Saying “NYC is expensive” is a pretty obvious statement, but have you considered what the spending power of your cash really is? The Bureau of Economic Analysis recently enlisted the help of economists at the Tax Foundation to create two maps that examine how much $100 can actually buy you in each state and various metro areas across the U.S. Unsurprisingly, your Benjamins wane in value significantly once you step into the NYC metro area.
The map is pretty straightforward with different colors pointing to where purchasing power is favorable (places like Kansas where $100 is worth $117.51 are yellow) and where it slumps (seen in red), namely big cities where land, rents and housing are much higher and the price of goods and services are adjusted to make up for the difference.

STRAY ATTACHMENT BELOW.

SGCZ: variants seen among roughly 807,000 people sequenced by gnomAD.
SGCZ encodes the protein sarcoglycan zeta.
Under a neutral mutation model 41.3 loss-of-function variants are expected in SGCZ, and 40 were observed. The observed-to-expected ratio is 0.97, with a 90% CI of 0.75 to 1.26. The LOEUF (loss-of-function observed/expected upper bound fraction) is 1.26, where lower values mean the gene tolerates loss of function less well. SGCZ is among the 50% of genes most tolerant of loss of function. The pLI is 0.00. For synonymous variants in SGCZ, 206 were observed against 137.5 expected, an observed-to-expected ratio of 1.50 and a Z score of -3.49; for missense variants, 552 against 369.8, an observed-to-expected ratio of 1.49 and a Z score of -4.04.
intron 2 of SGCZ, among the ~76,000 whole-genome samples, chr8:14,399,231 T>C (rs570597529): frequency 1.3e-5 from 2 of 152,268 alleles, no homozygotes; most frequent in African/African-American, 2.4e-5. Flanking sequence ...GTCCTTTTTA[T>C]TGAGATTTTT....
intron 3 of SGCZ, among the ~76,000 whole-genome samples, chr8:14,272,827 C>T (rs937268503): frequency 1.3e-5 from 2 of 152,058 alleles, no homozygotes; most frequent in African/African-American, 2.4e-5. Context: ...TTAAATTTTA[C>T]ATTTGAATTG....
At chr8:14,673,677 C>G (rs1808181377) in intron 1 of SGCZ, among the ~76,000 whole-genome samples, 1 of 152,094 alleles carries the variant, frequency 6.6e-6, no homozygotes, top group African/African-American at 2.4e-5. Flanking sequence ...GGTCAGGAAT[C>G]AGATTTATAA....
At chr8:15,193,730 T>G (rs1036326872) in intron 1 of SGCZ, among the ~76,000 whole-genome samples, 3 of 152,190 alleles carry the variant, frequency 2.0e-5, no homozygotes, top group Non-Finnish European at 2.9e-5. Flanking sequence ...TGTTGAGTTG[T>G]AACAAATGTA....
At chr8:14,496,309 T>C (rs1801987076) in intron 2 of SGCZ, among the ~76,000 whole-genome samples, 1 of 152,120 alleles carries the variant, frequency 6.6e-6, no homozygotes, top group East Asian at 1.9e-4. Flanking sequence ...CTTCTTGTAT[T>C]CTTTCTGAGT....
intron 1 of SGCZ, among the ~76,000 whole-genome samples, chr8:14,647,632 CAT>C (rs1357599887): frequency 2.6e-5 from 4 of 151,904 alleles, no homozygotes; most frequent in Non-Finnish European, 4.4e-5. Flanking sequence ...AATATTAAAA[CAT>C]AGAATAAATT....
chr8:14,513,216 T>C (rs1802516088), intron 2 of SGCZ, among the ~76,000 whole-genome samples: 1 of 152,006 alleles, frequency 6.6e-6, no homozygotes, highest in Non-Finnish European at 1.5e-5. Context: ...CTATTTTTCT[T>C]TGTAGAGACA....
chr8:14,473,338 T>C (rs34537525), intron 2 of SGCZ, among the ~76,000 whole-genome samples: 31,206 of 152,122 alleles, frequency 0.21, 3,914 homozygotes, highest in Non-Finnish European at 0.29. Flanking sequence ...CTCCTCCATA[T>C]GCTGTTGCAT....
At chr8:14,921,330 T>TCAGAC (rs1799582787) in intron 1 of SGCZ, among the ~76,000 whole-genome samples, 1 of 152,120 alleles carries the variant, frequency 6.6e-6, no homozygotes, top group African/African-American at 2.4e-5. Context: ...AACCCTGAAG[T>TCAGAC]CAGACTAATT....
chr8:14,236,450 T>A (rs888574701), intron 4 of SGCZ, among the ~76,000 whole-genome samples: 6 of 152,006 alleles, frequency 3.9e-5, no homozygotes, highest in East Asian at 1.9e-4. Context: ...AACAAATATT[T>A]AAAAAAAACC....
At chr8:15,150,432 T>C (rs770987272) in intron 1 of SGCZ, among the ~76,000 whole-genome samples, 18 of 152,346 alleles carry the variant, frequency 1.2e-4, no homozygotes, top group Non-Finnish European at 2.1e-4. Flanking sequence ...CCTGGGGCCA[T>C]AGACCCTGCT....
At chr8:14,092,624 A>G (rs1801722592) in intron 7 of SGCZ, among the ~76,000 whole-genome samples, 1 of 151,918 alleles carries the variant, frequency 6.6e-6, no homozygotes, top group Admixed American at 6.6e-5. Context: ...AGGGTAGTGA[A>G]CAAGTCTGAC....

In New York City, $100 has a purchasing power of just $81.77, while in San Francisco, another expensive city, it comes to only $83.13. New York state overall fares a bit better at $86.73, which you can see in the map below.
Though fun to explore (or depressing, depending how you look at it), the maps serve a much greater purpose. As the Tax Foundation writes: “We are interested in this issue because it has important implications for state tax policy, federal tax policy, and interstate migration. A lot of policies are based on income, like progressive taxes and means-tested federal benefits. If real incomes vary from place to place due to purchasing power, this matters for those policies.”
You can check out the above metro map in more detail here. It’s interactive!
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Maps courtesy of the Tax Foundation